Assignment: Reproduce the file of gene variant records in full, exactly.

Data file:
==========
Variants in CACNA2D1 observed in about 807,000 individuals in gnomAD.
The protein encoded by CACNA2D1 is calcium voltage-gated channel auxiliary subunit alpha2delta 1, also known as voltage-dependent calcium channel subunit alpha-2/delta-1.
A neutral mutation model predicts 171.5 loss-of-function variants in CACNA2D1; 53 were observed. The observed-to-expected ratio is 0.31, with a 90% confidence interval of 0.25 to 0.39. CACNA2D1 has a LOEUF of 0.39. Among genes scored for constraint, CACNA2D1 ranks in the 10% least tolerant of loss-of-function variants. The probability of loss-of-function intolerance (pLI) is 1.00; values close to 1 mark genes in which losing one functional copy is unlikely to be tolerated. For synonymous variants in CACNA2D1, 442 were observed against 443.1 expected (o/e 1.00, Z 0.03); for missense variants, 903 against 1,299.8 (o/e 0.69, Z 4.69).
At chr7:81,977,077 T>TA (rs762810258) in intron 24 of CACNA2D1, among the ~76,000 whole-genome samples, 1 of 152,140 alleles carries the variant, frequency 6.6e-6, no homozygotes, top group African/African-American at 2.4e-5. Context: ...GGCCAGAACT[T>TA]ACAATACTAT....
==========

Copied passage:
Variants in CACNA2D1 observed in about 807,000 individuals in gnomAD.
The protein encoded by CACNA2D1 is calcium voltage-gated channel auxiliary subunit alpha2delta 1, also known as voltage-dependent calcium channel subunit alpha-2/delta-1.
A neutral mutation model predicts 171.5 loss-of-function variants in CACNA2D1; 53 were observed. The observed-to-expected ratio is 0.31, with a 90% confidence interval of 0.25 to 0.39. CACNA2D1 has a LOEUF of 0.39. Among genes scored for constraint, CACNA2D1 ranks in the 10% least tolerant of loss-of-function variants. The probability of loss-of-function intolerance (pLI) is 1.00; values close to 1 mark genes in which losing one functional copy is unlikely to be tolerated. For synonymous variants in CACNA2D1, 442 were observed against 443.1 expected (o/e 1.00, Z 0.03); for missense variants, 903 against 1,299.8 (o/e 0.69, Z 4.69).
At chr7:81,977,077 T>TA (rs762810258) in intron 24 of CACNA2D1, among the ~76,000 whole-genome samples, 1 of 152,140 alleles carries the variant, frequency 6.6e-6, no homozygotes, top group African/African-American at 2.4e-5. Context: ...GGCCAGAACT[T>TA]ACAATACTAT....